For a class earlier this year, sophomore Norma Chamma observed emergency department doctors packing boils and suturing wounds. She is not a medical school student and did not paticipate in treating the patient.
Chamma is a student in GW’s emergency medical scribe course, which prepares undergraduate students to be assistants in a hospital emergency department setting and requires them to spend four hours each week in the ER.
“It’s a synergy of training scribes plus giving students on campus a clinical experience which is really not available anywhere else,” said Neal Sikka, the professor and creator of the course. “This offers a lot of opportunities for the whole class, and a broad experience. It’s more varied than just shadowing one doctor.”
Sikka and Larissa May, an instructor in emergency medicine, work together to deliver lectures and grade assignments for the scribe class. Both GW professors are also doctors within the GW Hospital emergency department.
Although scribe duties are traditionally carried out on a clipboard, Sikka and May’s class uses the computer program IBEX to teach students how to use an electronic health record. Since the GW Hospital utilizes this technology in their emergency department, students that complete the scribe program may be eligible to take on jobs as scribes at the hospital.
Emergency department scribes obtain incoming patient information and deal with everything from billing to tending minor wounds and patient problems.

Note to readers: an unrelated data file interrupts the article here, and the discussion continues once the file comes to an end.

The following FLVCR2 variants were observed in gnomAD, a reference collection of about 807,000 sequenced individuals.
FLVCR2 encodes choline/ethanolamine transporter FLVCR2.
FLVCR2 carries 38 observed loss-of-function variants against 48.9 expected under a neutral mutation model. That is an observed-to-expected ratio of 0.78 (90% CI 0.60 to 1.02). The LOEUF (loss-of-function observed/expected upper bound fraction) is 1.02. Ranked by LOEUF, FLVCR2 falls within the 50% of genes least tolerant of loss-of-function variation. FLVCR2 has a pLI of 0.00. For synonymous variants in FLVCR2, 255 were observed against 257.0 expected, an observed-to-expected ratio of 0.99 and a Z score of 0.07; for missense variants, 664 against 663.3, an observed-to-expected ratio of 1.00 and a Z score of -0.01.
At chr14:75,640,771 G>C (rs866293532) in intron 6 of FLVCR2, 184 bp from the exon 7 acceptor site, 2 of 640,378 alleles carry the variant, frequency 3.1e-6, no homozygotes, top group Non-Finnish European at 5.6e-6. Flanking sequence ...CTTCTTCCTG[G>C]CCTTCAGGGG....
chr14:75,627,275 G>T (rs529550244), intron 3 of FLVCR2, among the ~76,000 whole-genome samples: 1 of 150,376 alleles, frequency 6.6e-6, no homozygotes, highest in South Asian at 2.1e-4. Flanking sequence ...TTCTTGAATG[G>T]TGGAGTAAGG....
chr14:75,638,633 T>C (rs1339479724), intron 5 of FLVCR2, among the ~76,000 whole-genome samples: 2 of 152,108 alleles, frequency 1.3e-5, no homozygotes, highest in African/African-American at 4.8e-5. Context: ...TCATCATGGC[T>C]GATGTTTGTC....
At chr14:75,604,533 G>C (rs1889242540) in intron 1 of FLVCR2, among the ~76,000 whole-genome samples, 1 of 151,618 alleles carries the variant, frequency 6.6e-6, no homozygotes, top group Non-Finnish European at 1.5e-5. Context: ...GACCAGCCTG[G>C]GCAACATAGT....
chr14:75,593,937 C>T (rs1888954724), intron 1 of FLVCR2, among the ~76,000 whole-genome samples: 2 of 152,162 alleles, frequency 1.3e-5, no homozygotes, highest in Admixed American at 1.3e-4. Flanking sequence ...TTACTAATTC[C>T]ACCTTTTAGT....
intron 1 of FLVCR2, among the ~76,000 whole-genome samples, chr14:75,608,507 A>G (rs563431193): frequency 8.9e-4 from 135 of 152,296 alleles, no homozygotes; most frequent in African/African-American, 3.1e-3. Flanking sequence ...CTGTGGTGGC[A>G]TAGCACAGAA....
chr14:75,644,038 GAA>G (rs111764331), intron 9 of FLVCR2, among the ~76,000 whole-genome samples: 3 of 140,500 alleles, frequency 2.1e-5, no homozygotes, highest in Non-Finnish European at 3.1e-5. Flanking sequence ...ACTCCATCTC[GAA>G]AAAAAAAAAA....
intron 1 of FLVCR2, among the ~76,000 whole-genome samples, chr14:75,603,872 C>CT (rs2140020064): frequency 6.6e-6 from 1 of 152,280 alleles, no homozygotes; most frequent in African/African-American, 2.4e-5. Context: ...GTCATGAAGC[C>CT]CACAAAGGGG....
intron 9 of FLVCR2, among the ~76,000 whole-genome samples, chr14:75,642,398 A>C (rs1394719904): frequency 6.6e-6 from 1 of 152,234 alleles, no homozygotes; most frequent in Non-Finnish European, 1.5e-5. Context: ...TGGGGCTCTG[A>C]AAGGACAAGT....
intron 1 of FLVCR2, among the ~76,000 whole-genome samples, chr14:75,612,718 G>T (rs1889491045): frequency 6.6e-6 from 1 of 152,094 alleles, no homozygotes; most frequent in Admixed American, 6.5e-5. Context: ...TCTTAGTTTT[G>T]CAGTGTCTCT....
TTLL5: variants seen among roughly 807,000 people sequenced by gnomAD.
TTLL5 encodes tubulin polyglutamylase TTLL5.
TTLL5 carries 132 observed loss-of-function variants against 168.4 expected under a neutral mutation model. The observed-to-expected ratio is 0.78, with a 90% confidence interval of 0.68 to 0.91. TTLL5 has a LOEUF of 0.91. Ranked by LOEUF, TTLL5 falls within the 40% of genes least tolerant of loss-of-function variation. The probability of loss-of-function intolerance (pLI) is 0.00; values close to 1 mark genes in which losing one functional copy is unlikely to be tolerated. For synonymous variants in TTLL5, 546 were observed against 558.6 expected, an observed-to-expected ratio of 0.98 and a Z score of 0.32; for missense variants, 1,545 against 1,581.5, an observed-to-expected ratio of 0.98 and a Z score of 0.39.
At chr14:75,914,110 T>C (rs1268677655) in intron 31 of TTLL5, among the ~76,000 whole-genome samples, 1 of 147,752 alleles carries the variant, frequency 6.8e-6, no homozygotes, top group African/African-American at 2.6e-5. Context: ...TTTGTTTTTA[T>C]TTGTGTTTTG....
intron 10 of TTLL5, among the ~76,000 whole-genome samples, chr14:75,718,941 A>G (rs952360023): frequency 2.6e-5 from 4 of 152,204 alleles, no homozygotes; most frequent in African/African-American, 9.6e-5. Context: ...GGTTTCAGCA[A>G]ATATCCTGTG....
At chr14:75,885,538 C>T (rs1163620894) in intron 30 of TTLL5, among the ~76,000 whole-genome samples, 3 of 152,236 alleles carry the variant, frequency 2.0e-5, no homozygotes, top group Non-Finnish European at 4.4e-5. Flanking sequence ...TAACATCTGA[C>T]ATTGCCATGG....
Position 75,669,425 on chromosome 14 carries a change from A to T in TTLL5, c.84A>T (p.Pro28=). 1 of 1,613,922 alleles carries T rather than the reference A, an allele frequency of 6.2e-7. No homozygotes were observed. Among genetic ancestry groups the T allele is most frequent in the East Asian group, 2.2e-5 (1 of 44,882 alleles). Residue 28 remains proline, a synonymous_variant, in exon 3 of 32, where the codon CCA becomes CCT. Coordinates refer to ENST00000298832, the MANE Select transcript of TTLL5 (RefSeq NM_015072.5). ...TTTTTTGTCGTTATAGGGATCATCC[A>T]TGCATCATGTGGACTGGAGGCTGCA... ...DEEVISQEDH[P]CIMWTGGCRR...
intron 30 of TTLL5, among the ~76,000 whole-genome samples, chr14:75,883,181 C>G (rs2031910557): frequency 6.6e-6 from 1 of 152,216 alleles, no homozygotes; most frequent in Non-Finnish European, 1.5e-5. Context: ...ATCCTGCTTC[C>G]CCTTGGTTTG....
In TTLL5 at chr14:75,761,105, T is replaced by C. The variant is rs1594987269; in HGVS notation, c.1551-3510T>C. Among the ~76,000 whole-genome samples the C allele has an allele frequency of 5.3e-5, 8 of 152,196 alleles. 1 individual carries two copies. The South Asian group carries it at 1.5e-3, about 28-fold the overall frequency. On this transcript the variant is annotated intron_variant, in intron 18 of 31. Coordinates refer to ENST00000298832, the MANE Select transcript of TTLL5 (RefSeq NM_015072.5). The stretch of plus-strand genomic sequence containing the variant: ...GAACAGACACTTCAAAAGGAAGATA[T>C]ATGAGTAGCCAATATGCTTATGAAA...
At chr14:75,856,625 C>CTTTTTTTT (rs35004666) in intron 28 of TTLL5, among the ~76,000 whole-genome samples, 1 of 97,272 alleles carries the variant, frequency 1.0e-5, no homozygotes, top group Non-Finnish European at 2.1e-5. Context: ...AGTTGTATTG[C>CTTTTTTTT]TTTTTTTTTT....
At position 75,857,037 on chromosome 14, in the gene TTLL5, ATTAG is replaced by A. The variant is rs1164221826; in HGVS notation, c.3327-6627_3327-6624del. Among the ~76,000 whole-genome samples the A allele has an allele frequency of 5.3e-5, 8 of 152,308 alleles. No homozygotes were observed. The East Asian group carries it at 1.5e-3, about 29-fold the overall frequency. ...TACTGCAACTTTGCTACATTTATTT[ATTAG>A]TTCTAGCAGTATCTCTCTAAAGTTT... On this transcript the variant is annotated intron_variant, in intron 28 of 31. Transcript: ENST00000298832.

“It gives (students) the opportunity to get into their clinical experience and see what it really means to be a health care provider,” Sikka said. “They see the atmosphere of the emergency department in the hospital.and they also get an introduction to medical terminology. It’s almost a head start to med school, where you learn a different language.”
Sikka said, “Students had the idea that they would like to be scribes and we had the idea of hiring scribes, so we actually worked . to train people who are pre-med to be scribes.”
Sikka developed the program in November 2005. In the spring of 2006, he taught the course with a handful of students by using a training manual and visits to both the ER and with Sikka in order to complete the course material. By fall 2006 the course was up and running with a capacity crowd. Sikka recruited May to teach after leading the course for two semesters.
“The class gives students a leg up,” May said. “It gives them a first-hand look at a clinical environment and helps in deciding where a career in medicine is for them.”
Andrew Ritter, a junior in the class, agreed with May.
“Having experience in an ER will be huge,” Ritter said. “Hopefully on my resume it will be a leg up.”
Chamma said that the time she has been assigned to observe the emergency room has been worthwhile.
“Because I am especially interested in the interactions with patients and the actual diagnosing and treatment of patients, I found this experience particularly fascinating,” Chamma said. “The clinicals have also helped me become much more sure about making a decision to go into a career in medicine.”